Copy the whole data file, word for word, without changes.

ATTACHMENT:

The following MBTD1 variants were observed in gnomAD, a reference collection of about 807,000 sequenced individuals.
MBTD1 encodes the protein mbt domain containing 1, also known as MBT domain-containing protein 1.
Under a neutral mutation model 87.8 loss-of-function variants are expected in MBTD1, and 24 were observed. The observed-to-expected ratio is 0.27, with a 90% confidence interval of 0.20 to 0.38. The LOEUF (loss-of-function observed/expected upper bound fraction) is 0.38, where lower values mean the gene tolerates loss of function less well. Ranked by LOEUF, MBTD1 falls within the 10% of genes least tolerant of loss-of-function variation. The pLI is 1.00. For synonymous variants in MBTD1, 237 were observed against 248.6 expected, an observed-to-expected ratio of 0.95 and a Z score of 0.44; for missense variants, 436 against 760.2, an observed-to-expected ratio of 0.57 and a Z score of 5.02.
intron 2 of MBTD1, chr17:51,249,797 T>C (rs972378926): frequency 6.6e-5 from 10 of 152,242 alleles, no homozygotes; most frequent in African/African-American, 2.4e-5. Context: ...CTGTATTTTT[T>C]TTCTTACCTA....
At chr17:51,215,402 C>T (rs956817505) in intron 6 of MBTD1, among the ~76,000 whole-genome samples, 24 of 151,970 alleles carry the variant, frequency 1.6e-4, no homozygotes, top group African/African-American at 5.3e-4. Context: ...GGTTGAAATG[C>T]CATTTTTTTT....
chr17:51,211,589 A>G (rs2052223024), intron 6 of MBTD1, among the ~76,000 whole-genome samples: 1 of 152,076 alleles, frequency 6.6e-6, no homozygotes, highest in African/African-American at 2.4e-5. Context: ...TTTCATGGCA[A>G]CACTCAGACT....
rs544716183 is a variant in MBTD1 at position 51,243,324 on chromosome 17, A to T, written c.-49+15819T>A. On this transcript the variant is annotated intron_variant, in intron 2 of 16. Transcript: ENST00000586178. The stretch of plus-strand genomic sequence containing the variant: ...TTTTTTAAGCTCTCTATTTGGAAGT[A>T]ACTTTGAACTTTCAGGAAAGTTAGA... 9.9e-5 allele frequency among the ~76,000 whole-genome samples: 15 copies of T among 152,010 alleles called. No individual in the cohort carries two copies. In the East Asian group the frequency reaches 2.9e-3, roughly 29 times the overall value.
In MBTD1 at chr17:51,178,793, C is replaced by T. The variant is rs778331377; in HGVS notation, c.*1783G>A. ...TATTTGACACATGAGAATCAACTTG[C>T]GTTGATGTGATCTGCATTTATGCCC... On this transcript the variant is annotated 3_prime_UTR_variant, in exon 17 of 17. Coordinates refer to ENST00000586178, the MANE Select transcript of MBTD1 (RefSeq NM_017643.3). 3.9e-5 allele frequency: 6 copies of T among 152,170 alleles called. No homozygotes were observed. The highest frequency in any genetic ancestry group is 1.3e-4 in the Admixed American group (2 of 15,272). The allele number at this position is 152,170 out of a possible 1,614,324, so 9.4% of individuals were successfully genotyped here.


The following MBTD1 variants were observed in gnomAD, a reference collection of about 807,000 sequenced individuals.
MBTD1 encodes the protein mbt domain containing 1, also known as MBT domain-containing protein 1.
Under a neutral mutation model 87.8 loss-of-function variants are expected in MBTD1, and 24 were observed. The observed-to-expected ratio is 0.27, with a 90% confidence interval of 0.20 to 0.38. The LOEUF (loss-of-function observed/expected upper bound fraction) is 0.38, where lower values mean the gene tolerates loss of function less well. Ranked by LOEUF, MBTD1 falls within the 10% of genes least tolerant of loss-of-function variation. The pLI is 1.00. For synonymous variants in MBTD1, 237 were observed against 248.6 expected, an observed-to-expected ratio of 0.95 and a Z score of 0.44; for missense variants, 436 against 760.2, an observed-to-expected ratio of 0.57 and a Z score of 5.02.
intron 2 of MBTD1, chr17:51,249,797 T>C (rs972378926): frequency 6.6e-5 from 10 of 152,242 alleles, no homozygotes; most frequent in African/African-American, 2.4e-5. Context: ...CTGTATTTTT[T>C]TTCTTACCTA....
At chr17:51,215,402 C>T (rs956817505) in intron 6 of MBTD1, among the ~76,000 whole-genome samples, 24 of 151,970 alleles carry the variant, frequency 1.6e-4, no homozygotes, top group African/African-American at 5.3e-4. Context: ...GGTTGAAATG[C>T]CATTTTTTTT....
chr17:51,211,589 A>G (rs2052223024), intron 6 of MBTD1, among the ~76,000 whole-genome samples: 1 of 152,076 alleles, frequency 6.6e-6, no homozygotes, highest in African/African-American at 2.4e-5. Context: ...TTTCATGGCA[A>G]CACTCAGACT....
rs544716183 is a variant in MBTD1 at position 51,243,324 on chromosome 17, A to T, written c.-49+15819T>A. On this transcript the variant is annotated intron_variant, in intron 2 of 16. Transcript: ENST00000586178. The stretch of plus-strand genomic sequence containing the variant: ...TTTTTTAAGCTCTCTATTTGGAAGT[A>T]ACTTTGAACTTTCAGGAAAGTTAGA... 9.9e-5 allele frequency among the ~76,000 whole-genome samples: 15 copies of T among 152,010 alleles called. No individual in the cohort carries two copies. In the East Asian group the frequency reaches 2.9e-3, roughly 29 times the overall value.
In MBTD1 at chr17:51,178,793, C is replaced by T. The variant is rs778331377; in HGVS notation, c.*1783G>A. ...TATTTGACACATGAGAATCAACTTG[C>T]GTTGATGTGATCTGCATTTATGCCC... On this transcript the variant is annotated 3_prime_UTR_variant, in exon 17 of 17. Coordinates refer to ENST00000586178, the MANE Select transcript of MBTD1 (RefSeq NM_017643.3). 3.9e-5 allele frequency: 6 copies of T among 152,170 alleles called. No homozygotes were observed. The highest frequency in any genetic ancestry group is 1.3e-4 in the Admixed American group (2 of 15,272). The allele number at this position is 152,170 out of a possible 1,614,324, so 9.4% of individuals were successfully genotyped here.